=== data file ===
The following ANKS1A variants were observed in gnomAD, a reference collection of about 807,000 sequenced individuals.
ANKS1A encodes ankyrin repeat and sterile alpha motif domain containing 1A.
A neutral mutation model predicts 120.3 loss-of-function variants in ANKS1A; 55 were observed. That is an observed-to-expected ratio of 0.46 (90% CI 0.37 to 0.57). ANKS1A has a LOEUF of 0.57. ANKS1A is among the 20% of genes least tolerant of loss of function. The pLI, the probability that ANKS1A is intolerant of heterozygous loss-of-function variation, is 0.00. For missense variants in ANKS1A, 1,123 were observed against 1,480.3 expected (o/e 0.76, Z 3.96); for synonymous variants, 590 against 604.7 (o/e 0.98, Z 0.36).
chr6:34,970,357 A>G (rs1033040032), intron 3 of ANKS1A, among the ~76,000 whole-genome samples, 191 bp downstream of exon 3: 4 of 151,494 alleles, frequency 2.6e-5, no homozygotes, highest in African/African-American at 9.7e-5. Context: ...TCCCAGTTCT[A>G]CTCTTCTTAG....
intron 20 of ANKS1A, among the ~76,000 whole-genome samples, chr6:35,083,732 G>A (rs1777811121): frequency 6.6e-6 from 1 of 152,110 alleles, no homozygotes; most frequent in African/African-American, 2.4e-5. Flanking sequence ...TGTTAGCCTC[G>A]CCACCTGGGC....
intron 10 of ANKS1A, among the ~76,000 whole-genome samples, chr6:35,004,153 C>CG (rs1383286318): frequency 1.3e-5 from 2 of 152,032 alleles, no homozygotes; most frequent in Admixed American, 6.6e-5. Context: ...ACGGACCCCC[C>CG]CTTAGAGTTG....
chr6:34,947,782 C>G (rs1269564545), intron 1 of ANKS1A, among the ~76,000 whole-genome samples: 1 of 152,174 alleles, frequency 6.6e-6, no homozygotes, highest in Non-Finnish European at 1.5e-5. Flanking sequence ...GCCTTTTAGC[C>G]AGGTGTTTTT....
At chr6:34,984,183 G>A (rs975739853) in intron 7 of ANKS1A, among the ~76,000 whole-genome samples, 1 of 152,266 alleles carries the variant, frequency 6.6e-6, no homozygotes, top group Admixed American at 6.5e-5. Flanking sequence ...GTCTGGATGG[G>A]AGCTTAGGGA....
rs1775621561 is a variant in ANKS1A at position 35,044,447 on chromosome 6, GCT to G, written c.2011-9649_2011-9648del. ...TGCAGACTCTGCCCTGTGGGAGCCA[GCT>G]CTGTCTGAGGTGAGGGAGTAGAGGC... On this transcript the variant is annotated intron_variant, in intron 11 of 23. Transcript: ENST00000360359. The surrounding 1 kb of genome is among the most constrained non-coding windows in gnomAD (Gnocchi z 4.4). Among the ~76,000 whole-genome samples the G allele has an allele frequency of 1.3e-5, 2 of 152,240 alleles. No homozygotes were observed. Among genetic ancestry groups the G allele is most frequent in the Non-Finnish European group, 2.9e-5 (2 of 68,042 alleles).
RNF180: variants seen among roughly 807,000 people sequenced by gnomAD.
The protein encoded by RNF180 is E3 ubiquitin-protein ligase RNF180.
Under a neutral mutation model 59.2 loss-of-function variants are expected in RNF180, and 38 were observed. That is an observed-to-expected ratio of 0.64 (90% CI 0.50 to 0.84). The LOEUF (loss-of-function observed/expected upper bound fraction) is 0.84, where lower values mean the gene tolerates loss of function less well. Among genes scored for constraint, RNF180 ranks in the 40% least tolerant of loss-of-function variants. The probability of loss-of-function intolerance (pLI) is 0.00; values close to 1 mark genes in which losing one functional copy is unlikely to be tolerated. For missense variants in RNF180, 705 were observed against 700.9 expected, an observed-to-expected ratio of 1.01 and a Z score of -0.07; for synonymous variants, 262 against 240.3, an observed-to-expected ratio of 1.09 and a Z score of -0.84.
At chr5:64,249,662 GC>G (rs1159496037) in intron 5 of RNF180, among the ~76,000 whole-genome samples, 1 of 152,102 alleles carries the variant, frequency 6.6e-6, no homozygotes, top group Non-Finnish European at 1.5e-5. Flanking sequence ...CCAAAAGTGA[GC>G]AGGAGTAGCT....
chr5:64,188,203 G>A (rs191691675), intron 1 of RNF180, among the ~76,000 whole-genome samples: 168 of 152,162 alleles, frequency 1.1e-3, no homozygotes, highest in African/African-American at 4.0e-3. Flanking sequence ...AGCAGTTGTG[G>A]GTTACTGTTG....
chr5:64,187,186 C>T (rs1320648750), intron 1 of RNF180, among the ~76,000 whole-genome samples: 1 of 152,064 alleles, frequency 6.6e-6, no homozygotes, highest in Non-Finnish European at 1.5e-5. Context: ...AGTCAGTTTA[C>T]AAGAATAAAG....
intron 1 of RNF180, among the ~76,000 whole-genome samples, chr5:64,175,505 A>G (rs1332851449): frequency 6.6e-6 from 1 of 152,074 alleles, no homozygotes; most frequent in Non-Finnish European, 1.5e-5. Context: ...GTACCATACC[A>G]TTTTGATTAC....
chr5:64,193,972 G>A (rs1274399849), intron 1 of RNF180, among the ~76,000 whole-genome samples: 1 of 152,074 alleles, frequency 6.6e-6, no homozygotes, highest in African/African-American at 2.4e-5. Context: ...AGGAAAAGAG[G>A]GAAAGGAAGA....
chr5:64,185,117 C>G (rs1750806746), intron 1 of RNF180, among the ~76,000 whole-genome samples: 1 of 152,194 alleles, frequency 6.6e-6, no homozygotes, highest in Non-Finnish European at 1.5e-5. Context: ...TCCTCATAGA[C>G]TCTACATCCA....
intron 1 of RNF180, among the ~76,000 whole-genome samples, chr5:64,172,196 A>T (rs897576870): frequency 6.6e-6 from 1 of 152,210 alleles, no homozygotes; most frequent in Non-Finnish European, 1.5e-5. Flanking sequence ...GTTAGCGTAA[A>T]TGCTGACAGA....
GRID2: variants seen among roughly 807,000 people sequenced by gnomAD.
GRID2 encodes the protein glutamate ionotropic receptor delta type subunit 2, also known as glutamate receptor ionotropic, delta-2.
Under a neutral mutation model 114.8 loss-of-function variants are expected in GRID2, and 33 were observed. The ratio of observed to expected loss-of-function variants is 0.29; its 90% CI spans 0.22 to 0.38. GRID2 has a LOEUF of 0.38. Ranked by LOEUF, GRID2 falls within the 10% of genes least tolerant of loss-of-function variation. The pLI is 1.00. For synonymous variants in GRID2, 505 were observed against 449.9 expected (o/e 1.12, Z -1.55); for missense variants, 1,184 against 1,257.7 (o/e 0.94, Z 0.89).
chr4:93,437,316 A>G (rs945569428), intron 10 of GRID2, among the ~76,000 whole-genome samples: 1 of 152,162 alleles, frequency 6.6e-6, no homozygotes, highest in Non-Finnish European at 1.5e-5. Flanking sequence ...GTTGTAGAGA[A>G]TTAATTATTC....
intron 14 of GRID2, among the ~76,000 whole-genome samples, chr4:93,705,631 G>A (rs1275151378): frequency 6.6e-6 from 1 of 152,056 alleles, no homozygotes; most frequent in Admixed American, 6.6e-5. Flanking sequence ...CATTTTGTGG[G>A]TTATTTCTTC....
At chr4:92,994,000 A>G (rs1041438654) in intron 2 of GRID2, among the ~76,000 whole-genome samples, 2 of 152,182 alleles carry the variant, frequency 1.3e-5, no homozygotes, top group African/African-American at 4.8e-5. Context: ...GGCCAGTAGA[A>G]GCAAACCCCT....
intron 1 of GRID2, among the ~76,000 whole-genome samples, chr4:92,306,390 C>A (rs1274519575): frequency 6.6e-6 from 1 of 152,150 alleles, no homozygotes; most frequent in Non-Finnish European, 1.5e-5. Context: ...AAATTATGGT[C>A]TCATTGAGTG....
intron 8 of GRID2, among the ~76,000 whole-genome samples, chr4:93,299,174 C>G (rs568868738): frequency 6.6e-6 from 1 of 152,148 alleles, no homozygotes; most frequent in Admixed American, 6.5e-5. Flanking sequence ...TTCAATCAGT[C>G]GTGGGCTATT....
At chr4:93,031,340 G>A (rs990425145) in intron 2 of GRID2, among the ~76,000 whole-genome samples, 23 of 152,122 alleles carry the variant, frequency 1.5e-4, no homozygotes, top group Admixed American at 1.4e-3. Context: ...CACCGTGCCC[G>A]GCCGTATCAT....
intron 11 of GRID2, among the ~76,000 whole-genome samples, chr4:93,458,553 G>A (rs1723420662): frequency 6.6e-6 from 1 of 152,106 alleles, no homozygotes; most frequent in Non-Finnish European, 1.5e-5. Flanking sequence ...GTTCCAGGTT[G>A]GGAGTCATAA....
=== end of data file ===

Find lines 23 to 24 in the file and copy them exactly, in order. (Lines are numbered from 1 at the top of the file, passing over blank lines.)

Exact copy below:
chr4:93,437,316 A>G (rs945569428), intron 10 of GRID2, among the ~76,000 whole-genome samples: 1 of 152,162 alleles, frequency 6.6e-6, no homozygotes, highest in Non-Finnish European at 1.5e-5. Flanking sequence ...GTTGTAGAGA[A>G]TTAATTATTC....
intron 14 of GRID2, among the ~76,000 whole-genome samples, chr4:93,705,631 G>A (rs1275151378): frequency 6.6e-6 from 1 of 152,056 alleles, no homozygotes; most frequent in Admixed American, 6.6e-5. Flanking sequence ...CATTTTGTGG[G>A]TTATTTCTTC....